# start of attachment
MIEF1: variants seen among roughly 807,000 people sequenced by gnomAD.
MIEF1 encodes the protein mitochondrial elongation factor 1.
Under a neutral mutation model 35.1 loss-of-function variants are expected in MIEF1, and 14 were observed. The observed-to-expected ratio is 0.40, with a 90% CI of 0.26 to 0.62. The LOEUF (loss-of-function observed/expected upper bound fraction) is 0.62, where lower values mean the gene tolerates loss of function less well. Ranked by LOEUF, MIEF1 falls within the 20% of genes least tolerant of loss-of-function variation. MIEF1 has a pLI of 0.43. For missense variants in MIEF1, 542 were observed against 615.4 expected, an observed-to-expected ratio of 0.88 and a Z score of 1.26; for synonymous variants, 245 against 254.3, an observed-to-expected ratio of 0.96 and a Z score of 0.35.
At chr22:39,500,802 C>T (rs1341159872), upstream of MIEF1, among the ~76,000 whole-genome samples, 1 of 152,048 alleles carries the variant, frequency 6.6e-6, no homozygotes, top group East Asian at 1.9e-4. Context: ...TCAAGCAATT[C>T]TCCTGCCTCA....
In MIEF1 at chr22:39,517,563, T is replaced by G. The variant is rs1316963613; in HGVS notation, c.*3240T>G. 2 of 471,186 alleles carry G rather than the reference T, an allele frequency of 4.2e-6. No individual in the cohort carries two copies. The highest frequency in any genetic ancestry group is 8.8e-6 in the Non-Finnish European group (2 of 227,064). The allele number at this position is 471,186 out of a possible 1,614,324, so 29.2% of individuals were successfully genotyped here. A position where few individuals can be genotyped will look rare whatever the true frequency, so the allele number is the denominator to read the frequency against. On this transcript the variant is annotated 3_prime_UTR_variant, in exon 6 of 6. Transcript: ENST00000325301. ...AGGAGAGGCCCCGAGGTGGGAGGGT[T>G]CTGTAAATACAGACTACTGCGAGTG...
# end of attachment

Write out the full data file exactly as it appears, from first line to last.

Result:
MIEF1: variants seen among roughly 807,000 people sequenced by gnomAD.
MIEF1 encodes the protein mitochondrial elongation factor 1.
Under a neutral mutation model 35.1 loss-of-function variants are expected in MIEF1, and 14 were observed. The observed-to-expected ratio is 0.40, with a 90% CI of 0.26 to 0.62. The LOEUF (loss-of-function observed/expected upper bound fraction) is 0.62, where lower values mean the gene tolerates loss of function less well. Ranked by LOEUF, MIEF1 falls within the 20% of genes least tolerant of loss-of-function variation. MIEF1 has a pLI of 0.43. For missense variants in MIEF1, 542 were observed against 615.4 expected, an observed-to-expected ratio of 0.88 and a Z score of 1.26; for synonymous variants, 245 against 254.3, an observed-to-expected ratio of 0.96 and a Z score of 0.35.
At chr22:39,500,802 C>T (rs1341159872), upstream of MIEF1, among the ~76,000 whole-genome samples, 1 of 152,048 alleles carries the variant, frequency 6.6e-6, no homozygotes, top group East Asian at 1.9e-4. Context: ...TCAAGCAATT[C>T]TCCTGCCTCA....
In MIEF1 at chr22:39,517,563, T is replaced by G. The variant is rs1316963613; in HGVS notation, c.*3240T>G. 2 of 471,186 alleles carry G rather than the reference T, an allele frequency of 4.2e-6. No individual in the cohort carries two copies. The highest frequency in any genetic ancestry group is 8.8e-6 in the Non-Finnish European group (2 of 227,064). The allele number at this position is 471,186 out of a possible 1,614,324, so 29.2% of individuals were successfully genotyped here. A position where few individuals can be genotyped will look rare whatever the true frequency, so the allele number is the denominator to read the frequency against. On this transcript the variant is annotated 3_prime_UTR_variant, in exon 6 of 6. Transcript: ENST00000325301. ...AGGAGAGGCCCCGAGGTGGGAGGGT[T>G]CTGTAAATACAGACTACTGCGAGTG...